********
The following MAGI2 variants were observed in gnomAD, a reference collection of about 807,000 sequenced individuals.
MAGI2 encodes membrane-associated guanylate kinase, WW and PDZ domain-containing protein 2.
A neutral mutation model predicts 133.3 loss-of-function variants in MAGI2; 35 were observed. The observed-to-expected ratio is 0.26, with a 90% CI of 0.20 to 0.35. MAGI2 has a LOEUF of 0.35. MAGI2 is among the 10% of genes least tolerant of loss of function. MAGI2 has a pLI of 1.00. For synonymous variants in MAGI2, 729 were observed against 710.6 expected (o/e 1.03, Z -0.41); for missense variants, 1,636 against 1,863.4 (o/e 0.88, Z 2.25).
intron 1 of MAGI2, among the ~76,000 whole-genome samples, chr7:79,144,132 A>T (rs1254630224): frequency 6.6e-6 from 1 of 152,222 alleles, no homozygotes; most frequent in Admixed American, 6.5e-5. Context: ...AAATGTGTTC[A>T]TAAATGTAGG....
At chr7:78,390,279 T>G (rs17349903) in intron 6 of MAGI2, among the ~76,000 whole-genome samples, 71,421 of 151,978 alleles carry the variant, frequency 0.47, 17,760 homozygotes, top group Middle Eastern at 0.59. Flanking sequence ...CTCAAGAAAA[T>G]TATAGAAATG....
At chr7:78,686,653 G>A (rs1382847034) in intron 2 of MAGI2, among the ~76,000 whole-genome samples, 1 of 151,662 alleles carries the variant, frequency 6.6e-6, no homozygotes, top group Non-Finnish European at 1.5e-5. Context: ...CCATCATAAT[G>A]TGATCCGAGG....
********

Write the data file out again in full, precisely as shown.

The following MAGI2 variants were observed in gnomAD, a reference collection of about 807,000 sequenced individuals.
MAGI2 encodes membrane-associated guanylate kinase, WW and PDZ domain-containing protein 2.
A neutral mutation model predicts 133.3 loss-of-function variants in MAGI2; 35 were observed. The observed-to-expected ratio is 0.26, with a 90% CI of 0.20 to 0.35. MAGI2 has a LOEUF of 0.35. MAGI2 is among the 10% of genes least tolerant of loss of function. MAGI2 has a pLI of 1.00. For synonymous variants in MAGI2, 729 were observed against 710.6 expected (o/e 1.03, Z -0.41); for missense variants, 1,636 against 1,863.4 (o/e 0.88, Z 2.25).
intron 1 of MAGI2, among the ~76,000 whole-genome samples, chr7:79,144,132 A>T (rs1254630224): frequency 6.6e-6 from 1 of 152,222 alleles, no homozygotes; most frequent in Admixed American, 6.5e-5. Context: ...AAATGTGTTC[A>T]TAAATGTAGG....
At chr7:78,390,279 T>G (rs17349903) in intron 6 of MAGI2, among the ~76,000 whole-genome samples, 71,421 of 151,978 alleles carry the variant, frequency 0.47, 17,760 homozygotes, top group Middle Eastern at 0.59. Flanking sequence ...CTCAAGAAAA[T>G]TATAGAAATG....
At chr7:78,686,653 G>A (rs1382847034) in intron 2 of MAGI2, among the ~76,000 whole-genome samples, 1 of 151,662 alleles carries the variant, frequency 6.6e-6, no homozygotes, top group Non-Finnish European at 1.5e-5. Context: ...CCATCATAAT[G>A]TGATCCGAGG....